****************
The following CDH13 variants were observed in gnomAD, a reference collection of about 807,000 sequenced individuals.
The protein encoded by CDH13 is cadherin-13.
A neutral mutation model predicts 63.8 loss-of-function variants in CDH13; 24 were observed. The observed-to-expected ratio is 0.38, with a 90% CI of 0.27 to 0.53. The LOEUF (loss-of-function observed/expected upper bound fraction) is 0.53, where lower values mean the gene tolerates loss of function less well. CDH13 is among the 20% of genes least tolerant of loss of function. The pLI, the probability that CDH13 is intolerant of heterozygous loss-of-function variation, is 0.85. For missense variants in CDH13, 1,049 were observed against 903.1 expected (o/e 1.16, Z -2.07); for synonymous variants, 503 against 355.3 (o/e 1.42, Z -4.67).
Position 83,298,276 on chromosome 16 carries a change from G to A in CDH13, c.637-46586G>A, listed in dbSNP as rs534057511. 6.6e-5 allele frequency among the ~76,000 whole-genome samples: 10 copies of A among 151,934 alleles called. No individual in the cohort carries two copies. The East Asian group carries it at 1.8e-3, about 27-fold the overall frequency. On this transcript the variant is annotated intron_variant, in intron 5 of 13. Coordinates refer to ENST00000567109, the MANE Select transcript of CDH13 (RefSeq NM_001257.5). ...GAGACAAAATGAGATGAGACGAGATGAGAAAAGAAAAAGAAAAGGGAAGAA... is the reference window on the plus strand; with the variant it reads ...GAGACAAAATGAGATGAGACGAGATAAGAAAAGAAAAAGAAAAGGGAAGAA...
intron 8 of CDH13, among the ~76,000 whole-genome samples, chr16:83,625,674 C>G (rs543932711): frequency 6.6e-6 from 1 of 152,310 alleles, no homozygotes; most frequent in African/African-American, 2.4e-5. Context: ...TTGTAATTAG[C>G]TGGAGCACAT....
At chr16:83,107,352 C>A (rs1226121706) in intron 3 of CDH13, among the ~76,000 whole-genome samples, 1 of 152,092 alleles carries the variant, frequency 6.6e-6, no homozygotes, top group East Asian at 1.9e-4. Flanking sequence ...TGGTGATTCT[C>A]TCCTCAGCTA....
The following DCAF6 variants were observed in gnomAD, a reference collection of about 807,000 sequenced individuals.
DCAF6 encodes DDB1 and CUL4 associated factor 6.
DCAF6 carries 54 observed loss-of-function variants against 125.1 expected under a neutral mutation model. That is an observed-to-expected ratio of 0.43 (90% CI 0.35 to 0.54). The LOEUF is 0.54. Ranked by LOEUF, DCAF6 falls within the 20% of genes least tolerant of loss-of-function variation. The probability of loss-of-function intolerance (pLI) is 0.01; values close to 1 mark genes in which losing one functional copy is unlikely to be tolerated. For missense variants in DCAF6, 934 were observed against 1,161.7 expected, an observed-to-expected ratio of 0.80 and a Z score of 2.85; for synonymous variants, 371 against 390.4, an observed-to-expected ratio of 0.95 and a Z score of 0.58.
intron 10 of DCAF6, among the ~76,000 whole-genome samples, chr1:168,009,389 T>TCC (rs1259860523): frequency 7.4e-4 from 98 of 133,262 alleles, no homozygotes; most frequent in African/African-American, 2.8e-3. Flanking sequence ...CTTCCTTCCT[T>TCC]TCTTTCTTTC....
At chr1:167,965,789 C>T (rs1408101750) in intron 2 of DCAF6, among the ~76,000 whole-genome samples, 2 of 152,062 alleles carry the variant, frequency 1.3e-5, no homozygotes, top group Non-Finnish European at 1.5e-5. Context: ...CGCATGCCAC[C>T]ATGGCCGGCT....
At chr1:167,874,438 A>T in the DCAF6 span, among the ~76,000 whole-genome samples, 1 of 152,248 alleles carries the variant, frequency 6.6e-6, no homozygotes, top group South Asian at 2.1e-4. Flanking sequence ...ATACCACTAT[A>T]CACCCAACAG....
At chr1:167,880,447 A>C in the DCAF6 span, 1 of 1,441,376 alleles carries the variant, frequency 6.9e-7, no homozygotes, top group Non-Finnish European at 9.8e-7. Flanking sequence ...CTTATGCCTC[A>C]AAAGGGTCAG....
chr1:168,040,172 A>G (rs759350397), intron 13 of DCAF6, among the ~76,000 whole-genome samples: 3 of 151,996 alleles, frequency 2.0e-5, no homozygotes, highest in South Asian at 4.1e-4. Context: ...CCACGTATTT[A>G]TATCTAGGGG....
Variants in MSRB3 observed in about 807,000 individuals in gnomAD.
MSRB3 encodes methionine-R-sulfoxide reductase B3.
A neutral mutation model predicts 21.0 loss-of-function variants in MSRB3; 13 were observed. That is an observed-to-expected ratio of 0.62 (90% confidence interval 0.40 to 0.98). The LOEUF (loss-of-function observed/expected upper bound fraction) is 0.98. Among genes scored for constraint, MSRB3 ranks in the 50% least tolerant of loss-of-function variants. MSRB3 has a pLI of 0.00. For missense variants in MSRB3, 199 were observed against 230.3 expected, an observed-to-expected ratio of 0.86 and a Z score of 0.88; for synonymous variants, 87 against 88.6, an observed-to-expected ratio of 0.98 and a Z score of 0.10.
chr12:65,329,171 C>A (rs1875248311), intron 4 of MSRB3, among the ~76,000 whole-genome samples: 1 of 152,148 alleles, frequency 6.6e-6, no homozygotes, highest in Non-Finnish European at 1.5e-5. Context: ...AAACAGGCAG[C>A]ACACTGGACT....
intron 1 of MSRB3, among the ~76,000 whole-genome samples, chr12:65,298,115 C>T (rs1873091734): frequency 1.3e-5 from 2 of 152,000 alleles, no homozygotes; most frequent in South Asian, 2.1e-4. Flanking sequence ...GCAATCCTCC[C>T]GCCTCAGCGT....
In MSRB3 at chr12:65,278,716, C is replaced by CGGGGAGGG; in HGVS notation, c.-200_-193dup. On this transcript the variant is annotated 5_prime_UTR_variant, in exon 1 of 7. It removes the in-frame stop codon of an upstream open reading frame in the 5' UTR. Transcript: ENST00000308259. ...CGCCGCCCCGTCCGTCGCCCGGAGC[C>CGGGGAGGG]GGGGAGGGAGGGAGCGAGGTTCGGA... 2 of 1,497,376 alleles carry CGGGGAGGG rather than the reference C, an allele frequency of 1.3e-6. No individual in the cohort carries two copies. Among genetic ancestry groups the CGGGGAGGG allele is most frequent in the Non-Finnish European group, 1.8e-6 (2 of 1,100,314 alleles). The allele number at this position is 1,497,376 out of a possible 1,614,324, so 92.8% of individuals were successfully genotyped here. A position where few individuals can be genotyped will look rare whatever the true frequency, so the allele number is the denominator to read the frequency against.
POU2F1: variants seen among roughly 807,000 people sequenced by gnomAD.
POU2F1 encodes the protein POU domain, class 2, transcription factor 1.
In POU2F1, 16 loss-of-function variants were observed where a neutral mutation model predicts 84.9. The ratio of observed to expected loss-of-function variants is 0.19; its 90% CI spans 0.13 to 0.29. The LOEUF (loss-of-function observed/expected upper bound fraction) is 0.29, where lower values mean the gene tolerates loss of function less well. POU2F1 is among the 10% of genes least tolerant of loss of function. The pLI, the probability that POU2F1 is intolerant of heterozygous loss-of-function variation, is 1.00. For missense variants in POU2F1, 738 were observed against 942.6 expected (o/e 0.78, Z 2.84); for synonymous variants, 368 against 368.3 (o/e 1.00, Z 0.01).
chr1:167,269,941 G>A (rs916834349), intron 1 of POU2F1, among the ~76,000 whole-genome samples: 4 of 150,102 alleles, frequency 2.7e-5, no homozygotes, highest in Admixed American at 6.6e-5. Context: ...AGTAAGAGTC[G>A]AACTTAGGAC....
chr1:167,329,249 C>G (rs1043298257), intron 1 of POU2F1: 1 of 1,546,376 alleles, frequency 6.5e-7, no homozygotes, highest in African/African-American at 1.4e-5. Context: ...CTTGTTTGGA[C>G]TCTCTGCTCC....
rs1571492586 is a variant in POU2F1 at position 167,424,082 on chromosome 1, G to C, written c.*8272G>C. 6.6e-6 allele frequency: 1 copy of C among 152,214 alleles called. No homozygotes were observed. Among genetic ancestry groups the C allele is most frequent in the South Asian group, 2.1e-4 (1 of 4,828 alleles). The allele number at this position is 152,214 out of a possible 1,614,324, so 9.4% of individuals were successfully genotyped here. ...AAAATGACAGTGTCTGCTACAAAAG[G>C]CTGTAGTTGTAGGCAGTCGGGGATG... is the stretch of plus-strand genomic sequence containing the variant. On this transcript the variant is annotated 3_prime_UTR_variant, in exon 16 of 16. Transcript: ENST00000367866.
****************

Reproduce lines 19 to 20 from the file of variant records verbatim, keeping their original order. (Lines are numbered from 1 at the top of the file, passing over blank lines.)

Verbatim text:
intron 1 of MSRB3, among the ~76,000 whole-genome samples, chr12:65,298,115 C>T (rs1873091734): frequency 1.3e-5 from 2 of 152,000 alleles, no homozygotes; most frequent in South Asian, 2.1e-4. Flanking sequence ...GCAATCCTCC[C>T]GCCTCAGCGT....
In MSRB3 at chr12:65,278,716, C is replaced by CGGGGAGGG; in HGVS notation, c.-200_-193dup. On this transcript the variant is annotated 5_prime_UTR_variant, in exon 1 of 7. It removes the in-frame stop codon of an upstream open reading frame in the 5' UTR. Transcript: ENST00000308259. ...CGCCGCCCCGTCCGTCGCCCGGAGC[C>CGGGGAGGG]GGGGAGGGAGGGAGCGAGGTTCGGA... 2 of 1,497,376 alleles carry CGGGGAGGG rather than the reference C, an allele frequency of 1.3e-6. No individual in the cohort carries two copies. Among genetic ancestry groups the CGGGGAGGG allele is most frequent in the Non-Finnish European group, 1.8e-6 (2 of 1,100,314 alleles). The allele number at this position is 1,497,376 out of a possible 1,614,324, so 92.8% of individuals were successfully genotyped here. A position where few individuals can be genotyped will look rare whatever the true frequency, so the allele number is the denominator to read the frequency against.